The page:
FIELD OF THE INVENTION
This invention relates generally to the field of semiconductor devices, and more particularly, to the field of processing of semiconductor devices using high-k dielectric films.
A reduction in the gate oxide thickness for CMOS (complementary metal oxide semioconductor) devices is necessary to improve the speed of the devices. However, when the thickness of the gate oxide is decreased, the leakage currents generally increases. Therefore, new materials are currently being investigated to replace the current gate oxide for CMOS devices. Materials that are under consideration include metal oxides, metal silicates, as well as metal silicon oxynitrides, collectively referred to as high-k (high dielectric constant) dielectrics. These materials, due to scaling issues, are required to be ultra-thin, on the order of 10's of angstroms.
Metal silicon oxynitrides are especially attractive for this purpose due to their increased dielectric constant over silicates, their reduction in phase separation over pure silicates as well as their amorphous nature. These materials provide excellent device performance and reliability. In particular, one such metal silicon oxynitride receiving widespread attenttion is HfSiON.
In a typical method of forming a high-k dielectric material over silicon, an interfacial layer of SiOx results after post-deposition anneal. This interfacial layer limits the scaling of the high-k material. One method that has been proposed to reduce the interfacial layer, has been to nitridize the silicon substrate prior to the high-k dielectric material deposition. The result of this nitridization has been to merely reduced the interfacial layer thickness and not remove it. It is clear that this approach cannot meet the scaling requirements for future generations of CMOS devices.
In yet another proposed method to integrate high-k dielectric materials while minimizing the interfacial layer, an oxide has been either deposited or grown over the silicon substrate and then etched back to a reduced thickness and followed by a high-k dielectric material deposition. Again, this approach limits the scalability of the overall high-k integration and only serves to minimize the interfacial layer thickness.
BRIEF DESCRIPTION OF THE DRAWINGS
Therefore a need exists to successfully integrate the high-k materials while preserving the quality of the interface near the silicon substrate as well as maintaining scaling capabilities.
The present invention is illustrated by way of example and is not limited by the accompanying figures, in which like references indicate similar elements.
FIG. 1 illustrates a schematic cross sectional view of a portion of a semiconductor device in which there is a high quality oxide or oxynitride layer formed on a silicon substrate in accordance with an embodiment of the present invention.
FIG. 2 illustrates the semiconductor device of FIG. 1 where the oxide or oxynitride is etched back to a desired thickness in accordance with an embodiment of the present invention.
FIG. 3 illustrates the semiconductor device of FIG. 2 where a layer of metal oxide or a metal nitride is deposited on the silicon substrate in accordance with an embodiment of the present invention.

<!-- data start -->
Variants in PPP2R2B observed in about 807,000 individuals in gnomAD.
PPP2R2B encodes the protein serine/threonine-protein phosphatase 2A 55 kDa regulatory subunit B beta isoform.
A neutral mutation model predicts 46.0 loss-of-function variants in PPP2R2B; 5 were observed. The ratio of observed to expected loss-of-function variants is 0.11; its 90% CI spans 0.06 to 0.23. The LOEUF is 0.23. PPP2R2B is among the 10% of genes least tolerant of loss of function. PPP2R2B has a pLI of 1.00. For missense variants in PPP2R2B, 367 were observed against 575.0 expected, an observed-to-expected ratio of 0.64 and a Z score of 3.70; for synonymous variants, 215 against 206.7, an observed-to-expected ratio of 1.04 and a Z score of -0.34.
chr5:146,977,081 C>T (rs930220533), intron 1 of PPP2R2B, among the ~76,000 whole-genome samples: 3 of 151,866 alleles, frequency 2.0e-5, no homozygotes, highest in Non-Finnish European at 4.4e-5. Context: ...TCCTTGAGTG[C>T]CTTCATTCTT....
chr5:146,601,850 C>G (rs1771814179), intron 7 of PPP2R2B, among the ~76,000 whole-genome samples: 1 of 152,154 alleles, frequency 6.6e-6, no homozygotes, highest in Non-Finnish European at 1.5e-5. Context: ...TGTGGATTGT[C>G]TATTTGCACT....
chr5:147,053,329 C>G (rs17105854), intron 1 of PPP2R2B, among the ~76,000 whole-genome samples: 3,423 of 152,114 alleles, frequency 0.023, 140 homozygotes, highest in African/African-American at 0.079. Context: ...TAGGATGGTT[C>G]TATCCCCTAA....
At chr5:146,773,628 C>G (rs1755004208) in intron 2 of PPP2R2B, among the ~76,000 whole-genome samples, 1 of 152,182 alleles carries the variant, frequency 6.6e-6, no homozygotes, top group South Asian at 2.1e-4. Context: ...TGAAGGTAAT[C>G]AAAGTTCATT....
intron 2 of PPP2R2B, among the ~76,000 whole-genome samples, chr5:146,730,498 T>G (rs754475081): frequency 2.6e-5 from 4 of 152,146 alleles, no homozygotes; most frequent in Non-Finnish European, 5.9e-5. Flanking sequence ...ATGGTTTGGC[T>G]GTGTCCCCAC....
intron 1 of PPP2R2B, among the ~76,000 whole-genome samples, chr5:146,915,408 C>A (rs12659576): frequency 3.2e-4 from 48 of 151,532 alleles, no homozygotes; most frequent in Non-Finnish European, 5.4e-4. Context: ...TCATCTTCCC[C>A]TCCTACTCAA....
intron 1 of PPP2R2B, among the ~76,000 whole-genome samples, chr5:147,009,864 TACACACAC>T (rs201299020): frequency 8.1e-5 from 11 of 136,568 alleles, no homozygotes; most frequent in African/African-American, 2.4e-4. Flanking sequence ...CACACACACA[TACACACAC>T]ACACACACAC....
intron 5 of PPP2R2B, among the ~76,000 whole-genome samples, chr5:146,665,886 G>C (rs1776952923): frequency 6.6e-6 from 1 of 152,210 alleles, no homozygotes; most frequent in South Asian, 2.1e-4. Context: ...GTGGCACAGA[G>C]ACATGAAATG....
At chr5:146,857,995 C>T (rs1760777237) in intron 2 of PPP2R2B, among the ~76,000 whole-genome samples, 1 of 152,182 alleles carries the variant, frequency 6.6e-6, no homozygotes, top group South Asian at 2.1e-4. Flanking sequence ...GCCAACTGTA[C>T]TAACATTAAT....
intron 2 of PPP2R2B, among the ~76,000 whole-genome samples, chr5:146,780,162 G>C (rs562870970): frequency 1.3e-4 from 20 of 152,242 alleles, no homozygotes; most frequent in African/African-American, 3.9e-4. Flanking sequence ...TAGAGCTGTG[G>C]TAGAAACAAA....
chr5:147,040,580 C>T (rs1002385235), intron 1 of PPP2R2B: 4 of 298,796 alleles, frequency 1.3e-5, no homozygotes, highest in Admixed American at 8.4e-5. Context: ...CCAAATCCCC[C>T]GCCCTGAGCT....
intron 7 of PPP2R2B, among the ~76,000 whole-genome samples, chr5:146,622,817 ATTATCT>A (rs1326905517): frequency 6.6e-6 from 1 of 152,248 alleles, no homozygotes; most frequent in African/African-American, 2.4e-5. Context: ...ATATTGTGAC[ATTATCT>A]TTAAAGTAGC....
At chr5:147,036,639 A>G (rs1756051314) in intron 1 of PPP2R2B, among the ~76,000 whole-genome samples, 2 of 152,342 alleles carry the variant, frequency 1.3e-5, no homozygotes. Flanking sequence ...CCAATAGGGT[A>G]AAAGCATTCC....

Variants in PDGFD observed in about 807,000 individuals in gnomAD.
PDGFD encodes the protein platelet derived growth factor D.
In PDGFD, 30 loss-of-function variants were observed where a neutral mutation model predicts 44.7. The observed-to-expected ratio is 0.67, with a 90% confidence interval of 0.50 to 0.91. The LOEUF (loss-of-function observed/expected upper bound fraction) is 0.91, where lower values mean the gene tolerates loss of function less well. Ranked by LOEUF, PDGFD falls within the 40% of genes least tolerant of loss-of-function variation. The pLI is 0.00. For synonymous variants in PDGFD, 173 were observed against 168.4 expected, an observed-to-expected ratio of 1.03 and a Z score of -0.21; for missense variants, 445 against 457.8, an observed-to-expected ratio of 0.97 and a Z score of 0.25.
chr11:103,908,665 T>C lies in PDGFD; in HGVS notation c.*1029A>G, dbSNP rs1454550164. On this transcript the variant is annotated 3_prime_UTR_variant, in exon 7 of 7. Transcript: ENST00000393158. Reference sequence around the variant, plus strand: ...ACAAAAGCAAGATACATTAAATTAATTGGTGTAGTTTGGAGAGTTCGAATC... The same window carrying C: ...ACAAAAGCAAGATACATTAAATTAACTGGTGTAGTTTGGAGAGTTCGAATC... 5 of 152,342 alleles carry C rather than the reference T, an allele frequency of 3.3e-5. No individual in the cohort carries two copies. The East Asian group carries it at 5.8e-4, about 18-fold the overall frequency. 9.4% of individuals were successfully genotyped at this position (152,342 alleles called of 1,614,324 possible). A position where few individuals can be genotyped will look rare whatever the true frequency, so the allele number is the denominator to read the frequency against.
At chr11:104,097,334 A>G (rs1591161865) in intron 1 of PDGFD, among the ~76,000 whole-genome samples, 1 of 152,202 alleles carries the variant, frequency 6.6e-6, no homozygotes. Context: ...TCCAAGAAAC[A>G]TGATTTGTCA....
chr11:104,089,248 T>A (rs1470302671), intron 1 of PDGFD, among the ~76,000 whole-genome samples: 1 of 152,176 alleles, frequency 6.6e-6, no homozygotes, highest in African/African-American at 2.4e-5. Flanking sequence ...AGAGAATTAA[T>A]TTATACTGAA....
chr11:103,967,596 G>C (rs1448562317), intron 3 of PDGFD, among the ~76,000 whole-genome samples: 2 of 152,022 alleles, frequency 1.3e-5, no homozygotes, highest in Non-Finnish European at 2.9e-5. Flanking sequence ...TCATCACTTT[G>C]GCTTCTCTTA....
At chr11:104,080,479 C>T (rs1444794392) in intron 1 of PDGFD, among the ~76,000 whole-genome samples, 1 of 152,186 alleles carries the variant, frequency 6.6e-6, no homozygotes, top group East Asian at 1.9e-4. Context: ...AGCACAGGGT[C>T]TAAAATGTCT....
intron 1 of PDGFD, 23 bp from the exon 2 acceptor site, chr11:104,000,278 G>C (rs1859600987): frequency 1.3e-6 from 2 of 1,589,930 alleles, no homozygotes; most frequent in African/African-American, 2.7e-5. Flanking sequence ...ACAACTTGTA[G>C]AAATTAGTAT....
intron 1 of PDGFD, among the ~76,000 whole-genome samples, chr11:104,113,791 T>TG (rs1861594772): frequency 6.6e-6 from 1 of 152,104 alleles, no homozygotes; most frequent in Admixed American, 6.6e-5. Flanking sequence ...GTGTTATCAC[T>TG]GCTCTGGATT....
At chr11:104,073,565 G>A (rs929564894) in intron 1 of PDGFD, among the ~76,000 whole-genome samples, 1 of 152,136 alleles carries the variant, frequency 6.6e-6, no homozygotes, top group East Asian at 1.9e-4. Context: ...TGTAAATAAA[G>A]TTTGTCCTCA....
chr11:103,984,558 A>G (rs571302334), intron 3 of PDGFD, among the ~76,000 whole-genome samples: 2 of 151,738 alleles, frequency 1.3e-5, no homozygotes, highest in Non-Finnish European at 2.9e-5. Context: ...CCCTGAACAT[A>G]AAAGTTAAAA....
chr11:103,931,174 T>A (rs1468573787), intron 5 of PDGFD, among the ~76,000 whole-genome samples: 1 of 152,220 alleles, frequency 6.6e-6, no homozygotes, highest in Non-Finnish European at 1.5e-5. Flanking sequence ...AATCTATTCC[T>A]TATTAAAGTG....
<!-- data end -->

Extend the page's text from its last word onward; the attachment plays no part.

FIG. 4 illustrates the semiconductor device of FIG. 3 after an anneal to integrate the metal or nitrogen into the underlying oxide or oxynitride layer in accordance with an embodiment of the present invention.
FIG. 5 illustrates the semiconductor device of FIG. 4 after a change in the composition of the oxide or oxynitride layer to a metal silicon oxynitride layer in accordance with an embodiment of the present invention.
FIG. 6 illustrates the semiconductor device of FIG. 5 after an etch process removes the residual metal oxide or metal nitride layer in accordance with an embodiment of the present invention.
FIG. 7 illustrates the semiconductor device of FIG. 6 where an optional anneal can be performed to further improve the quality of the metal silicon oxynitride layer in accordance with an embodiment of the present invention.
FIG. 8 illustrates the semiconductor device of FIG. 7 after formation of gate electrodes and doping of source and drain areas in accordance with an embodiment of the present invention.
- DETAILED DESCRIPTION OF THE INVENTION
Skilled artisans appreciate that elements in the figures are illustrated for simplicity and clarity and have not necessarily been drawn to scale. For example, the dimensions of some of the elements in the figures may be exaggerated relative to other elements to help improve the understanding of the embodiments of the present invention.
Rather than attempt a removal of oxide over the silicon, incorporation of the oxide into the process is performed. In one aspect, a high quality oxide is deposited on a silicon substrate. The oxide then has a layer of metal nitride deposited over the high quality oxide and the resulting stack is annealed. The anneal serves to create a metal silicon oxynitride layer which has improved scalability and reliablity over conventional gate oxides. The full process is better understood by reference to the FIGs. and the following description.
FIG. 1 includes illustrations of regions of a semiconductor substrate 12 within a semiconductor device 10. The semiconductor substrate 12 can include a monocrystalline semiconductor wafer, or other substrates conventionally used to form electronic devices. A high quality oxide layer 14 is either thermally grown or deposited over the semiconductor substrate using methods known to one of skill in the art. Such deposition methods can include atomic layer deposition (ALD), metal organic CVD (MOCVD), or physical vapor deposition (PVD) methods. In a preferred embodiment the thickness of layer 14, when either thermally grown or deposited, is 50-60 Å. In another embodiment, layer 14 can be thermally grown or deposited to a thickness of preferably 10 Å. Additionally, the oxide layer can be grown by chemical methods including RCA clean, which may include the use of piranha, HF, and SC1 followed by SC2 chemicals. A preferred thickness of layer 14 when chemically grown is 10 Å.